Tag Archives: immigration

10 Ways New Day Films Changed People’s Lives in 2016

by Alicia Dwyer

  1. Kristy Guevara-Flanagan’s Wonder Women! screened in Mumbai,
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    New York youth watch Wonder Women! and workshop the superheroines in their own lives

    India, in partnership with PBS’s Women and Girls Lead Global to engage men and boys as champions for gender equality. Using a film-based gender sensitization curriculum, the ‘Hero Academy’ engaged young men in the mission to make communities and homes safer for women and girls across India.

  2. Shalini Kantayya’s Catching the Sun was named a 2016 New York Times Critics’ Pick and won Best Feature at the San Francisco Green Film Festival. It is the part of the American Film Showcase to be screened at U.S. embassies and diplomatic missions around the word. Actor Mark Ruffalo called it “a must-see film. An eye-opening look at workers and entrepreneurs on the forefront of the clean energy movement that will transform, and enliven the way you see the future. What is clear is the wonderful opportunity the transition to clean energy represents.”                                                                                                                                       
  3. This year, public school districts in Florida, New Jersey, Missouri, New York, Maryland, and Virginia, as well as France and Guatemala, connected the stories of the five young new Americans in I Learn America to their students and community. With director Jean-Michel Dissard, they worked to trigger “homegrown” in-school events to amplify the voices of immigrant youth in our schools and to increase empathy and welcoming for young immigrants through personal storytelling/exchange of shared experiences.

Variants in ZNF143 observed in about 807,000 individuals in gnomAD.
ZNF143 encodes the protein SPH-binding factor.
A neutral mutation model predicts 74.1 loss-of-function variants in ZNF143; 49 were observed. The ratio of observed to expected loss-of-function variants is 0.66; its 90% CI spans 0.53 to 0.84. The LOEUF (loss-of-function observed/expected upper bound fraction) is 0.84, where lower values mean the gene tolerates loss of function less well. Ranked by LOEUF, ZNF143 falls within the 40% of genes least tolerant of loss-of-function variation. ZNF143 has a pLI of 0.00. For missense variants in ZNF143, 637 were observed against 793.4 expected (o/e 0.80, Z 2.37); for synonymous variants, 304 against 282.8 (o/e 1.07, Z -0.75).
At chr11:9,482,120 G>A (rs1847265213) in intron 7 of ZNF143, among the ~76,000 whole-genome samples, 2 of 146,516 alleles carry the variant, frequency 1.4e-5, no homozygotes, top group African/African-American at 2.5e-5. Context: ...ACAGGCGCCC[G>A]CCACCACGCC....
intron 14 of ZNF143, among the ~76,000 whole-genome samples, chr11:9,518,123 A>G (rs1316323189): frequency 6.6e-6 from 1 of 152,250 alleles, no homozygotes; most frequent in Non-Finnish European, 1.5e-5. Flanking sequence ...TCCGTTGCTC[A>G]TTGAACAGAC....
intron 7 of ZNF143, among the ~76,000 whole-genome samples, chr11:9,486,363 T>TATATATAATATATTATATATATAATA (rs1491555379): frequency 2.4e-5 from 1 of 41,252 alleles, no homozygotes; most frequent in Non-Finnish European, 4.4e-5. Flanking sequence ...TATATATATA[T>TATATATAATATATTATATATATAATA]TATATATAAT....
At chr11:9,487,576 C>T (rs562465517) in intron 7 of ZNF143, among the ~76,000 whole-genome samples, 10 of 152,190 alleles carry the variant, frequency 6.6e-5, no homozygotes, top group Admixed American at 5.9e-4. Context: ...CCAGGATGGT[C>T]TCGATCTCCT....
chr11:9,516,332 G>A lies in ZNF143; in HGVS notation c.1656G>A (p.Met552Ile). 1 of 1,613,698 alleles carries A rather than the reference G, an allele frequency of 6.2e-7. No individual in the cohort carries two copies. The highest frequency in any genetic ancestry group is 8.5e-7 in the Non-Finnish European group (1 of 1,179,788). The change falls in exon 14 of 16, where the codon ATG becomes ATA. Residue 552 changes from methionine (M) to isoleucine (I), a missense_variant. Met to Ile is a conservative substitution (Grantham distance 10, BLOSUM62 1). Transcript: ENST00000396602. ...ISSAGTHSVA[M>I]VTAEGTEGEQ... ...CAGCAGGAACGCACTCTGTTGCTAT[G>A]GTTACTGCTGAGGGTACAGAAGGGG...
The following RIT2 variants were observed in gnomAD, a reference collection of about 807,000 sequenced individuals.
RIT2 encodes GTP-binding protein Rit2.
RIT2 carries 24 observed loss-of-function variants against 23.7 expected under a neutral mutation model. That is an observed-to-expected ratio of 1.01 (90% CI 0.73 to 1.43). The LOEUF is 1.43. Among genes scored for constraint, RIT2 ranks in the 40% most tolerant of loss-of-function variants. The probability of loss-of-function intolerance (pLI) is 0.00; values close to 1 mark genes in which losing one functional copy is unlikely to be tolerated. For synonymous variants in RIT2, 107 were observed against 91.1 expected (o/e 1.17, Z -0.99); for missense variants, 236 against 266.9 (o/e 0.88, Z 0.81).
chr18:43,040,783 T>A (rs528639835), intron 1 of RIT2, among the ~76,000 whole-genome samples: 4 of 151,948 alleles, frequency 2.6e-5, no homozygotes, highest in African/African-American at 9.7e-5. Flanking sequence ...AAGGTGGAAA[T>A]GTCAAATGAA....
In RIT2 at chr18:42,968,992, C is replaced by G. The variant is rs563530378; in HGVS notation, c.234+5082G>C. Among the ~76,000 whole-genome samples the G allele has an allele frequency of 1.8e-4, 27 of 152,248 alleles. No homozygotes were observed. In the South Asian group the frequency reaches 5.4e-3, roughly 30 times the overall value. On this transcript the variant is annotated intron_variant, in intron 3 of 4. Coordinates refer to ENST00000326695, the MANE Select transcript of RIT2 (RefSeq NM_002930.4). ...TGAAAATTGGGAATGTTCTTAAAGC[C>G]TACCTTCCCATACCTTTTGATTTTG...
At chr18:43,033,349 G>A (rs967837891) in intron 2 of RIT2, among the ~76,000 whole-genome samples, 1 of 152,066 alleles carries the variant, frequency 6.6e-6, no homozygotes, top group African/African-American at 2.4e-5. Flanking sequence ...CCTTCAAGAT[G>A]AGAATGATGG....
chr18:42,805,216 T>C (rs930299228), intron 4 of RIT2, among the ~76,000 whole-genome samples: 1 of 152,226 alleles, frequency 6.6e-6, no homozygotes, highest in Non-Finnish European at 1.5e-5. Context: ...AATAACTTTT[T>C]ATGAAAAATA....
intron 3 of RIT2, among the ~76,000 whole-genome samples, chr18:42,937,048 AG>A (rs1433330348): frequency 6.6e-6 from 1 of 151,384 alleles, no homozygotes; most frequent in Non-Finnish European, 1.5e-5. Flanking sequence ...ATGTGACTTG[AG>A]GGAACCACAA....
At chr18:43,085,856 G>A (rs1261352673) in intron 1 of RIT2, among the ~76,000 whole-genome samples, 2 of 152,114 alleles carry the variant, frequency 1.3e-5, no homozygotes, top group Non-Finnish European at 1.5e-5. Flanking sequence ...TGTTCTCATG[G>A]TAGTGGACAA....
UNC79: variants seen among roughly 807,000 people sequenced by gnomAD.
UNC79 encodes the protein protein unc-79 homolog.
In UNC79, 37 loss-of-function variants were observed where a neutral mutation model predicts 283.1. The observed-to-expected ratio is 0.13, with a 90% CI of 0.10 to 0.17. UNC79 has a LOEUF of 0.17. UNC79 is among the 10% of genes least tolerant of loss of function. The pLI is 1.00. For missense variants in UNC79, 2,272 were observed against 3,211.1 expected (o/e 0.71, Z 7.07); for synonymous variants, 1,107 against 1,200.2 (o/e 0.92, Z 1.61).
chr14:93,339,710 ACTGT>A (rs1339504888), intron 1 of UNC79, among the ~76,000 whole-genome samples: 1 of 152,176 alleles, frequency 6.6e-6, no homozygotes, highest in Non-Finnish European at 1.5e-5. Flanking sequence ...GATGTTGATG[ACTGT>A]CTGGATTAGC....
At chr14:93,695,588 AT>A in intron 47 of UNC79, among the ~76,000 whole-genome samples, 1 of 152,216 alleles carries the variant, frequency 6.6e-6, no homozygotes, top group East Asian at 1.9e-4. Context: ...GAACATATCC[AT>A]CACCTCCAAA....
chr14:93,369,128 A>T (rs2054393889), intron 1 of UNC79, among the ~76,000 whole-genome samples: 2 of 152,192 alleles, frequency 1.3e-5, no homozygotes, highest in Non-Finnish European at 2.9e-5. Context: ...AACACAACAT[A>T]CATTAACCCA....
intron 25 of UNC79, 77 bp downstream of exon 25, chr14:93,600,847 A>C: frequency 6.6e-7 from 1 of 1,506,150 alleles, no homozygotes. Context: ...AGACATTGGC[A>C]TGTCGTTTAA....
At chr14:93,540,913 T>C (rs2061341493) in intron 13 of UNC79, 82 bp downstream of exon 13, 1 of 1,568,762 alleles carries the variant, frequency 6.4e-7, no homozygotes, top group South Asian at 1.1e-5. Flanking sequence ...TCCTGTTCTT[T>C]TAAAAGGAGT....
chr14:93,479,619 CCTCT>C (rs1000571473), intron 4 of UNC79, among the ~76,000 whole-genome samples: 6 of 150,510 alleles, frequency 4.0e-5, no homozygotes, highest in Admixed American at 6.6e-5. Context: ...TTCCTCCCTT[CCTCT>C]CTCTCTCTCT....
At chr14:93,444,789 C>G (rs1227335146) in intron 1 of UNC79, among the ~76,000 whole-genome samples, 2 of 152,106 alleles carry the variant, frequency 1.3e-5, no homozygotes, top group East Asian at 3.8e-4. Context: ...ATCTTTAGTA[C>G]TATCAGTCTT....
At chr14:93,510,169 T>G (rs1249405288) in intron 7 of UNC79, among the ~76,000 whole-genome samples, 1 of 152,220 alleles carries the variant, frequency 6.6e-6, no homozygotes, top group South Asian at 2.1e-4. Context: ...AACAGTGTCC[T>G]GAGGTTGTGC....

4. Emily Abt’s Daddy Don’t Go is on a winning streak, recently
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    Emily Abt takes questions after a Daddy Don’t Go community screening

    nabbing Best Documentary Awards from UrbanWorld, ABFF and eight other film festivals. The film also has been connecting with audiences through outreach screenings. At the Osborne Association, one of the participants shared, “I see myself in all these men and it inspired me to really step up for my son. I think every father, and every parent, should see this film because it moved me to tears.”

  5. Filmmaker Alice Elliott was invited to the Orange County, North Carolina Human Rights celebration to show her film, The Collector of Bedford Street. Over two days she screened the film and then met with educators, designers and advocates to envision what it would take to make the Raleigh-Durham area the most accessible place in the United States to people with disabilities. The first step in the action plan was incorporating a curriculum on disability rights into the grade schools.